Exhaled breath condensate: determination of non-volatile compounds and their potential for clinical diagnosis and monitoring. A review.  

PubMed

Exhaled breath condensate is a promising, non-invasive, diagnostic sample obtained by condensation of exhaled breath. Starting from a historical perspective of early attempts of breath testing towards the contemporary state-of-the-art breath analysis, this review article focuses mainly on the progress in determination of non-volatile compounds in exhaled breath condensate. The mechanisms by which the aerosols/droplets of non-volatile compounds are formed in the airways are discussed with methodological consequences for sampling. Dilution of respiratory droplets is a major problem for correct clinical interpretation of the measured data and there is an urgent need for standardization of EBC. This applies also for collection instrumentation and therefore various commercial and in-house built devices are described and compared with regard to their design, function and collection parameters. The analytical techniques and methods for determination of non-volatile compounds as potential markers of oxidative stress and lung inflammation are scrutinized with an emphasis on method suitability, sensitivity and appropriateness. The relevance of clinical findings for each group of possible non-volatile markers of selected pulmonary diseases and methodological recommendations with emphasis on interdisciplinary collaboration that is essential for future development into a fully validated clinical diagnostic tool are given. PMID:24296139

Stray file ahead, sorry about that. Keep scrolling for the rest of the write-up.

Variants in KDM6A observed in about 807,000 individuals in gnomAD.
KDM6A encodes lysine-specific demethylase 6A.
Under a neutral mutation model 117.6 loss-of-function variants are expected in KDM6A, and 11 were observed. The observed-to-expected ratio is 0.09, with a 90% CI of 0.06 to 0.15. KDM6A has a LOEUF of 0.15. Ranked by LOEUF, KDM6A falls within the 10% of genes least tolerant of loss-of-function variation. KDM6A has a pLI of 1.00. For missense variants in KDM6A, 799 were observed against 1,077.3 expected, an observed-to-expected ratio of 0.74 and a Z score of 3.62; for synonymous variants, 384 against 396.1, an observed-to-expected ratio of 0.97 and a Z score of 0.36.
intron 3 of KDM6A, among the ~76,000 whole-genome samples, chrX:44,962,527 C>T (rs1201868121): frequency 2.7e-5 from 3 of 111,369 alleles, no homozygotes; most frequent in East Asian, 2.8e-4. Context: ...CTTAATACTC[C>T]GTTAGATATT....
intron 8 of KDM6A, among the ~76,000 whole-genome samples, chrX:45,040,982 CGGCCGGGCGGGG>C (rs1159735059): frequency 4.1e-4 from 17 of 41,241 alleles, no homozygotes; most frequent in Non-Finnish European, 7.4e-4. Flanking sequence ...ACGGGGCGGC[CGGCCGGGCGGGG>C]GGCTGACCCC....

Kubá?, Petr; Foret, František

2013-12-17

256

Breath holding spell  

MedlinePLUS

... spells are not thought to be a willful act of defiance, even though they often occur with temper tantrums. Symptoms can include: Blue or pale skin Crying, then no breathing Fainting or loss of alertness ( ...

257

Bad Breath (Halitosis)  

MedlinePLUS

... Dry mouth ( xerostomia ) — This can be caused by salivary gland problems, medicines or "mouth breathing." A large number ... dentist will examine your teeth, gums, mouth and salivary glands. He or she also will feel your head ...

258

Mobile on-site sample collection, preparation, and analysis in Iraq. Final report, January-April 1995  

SciTech Connect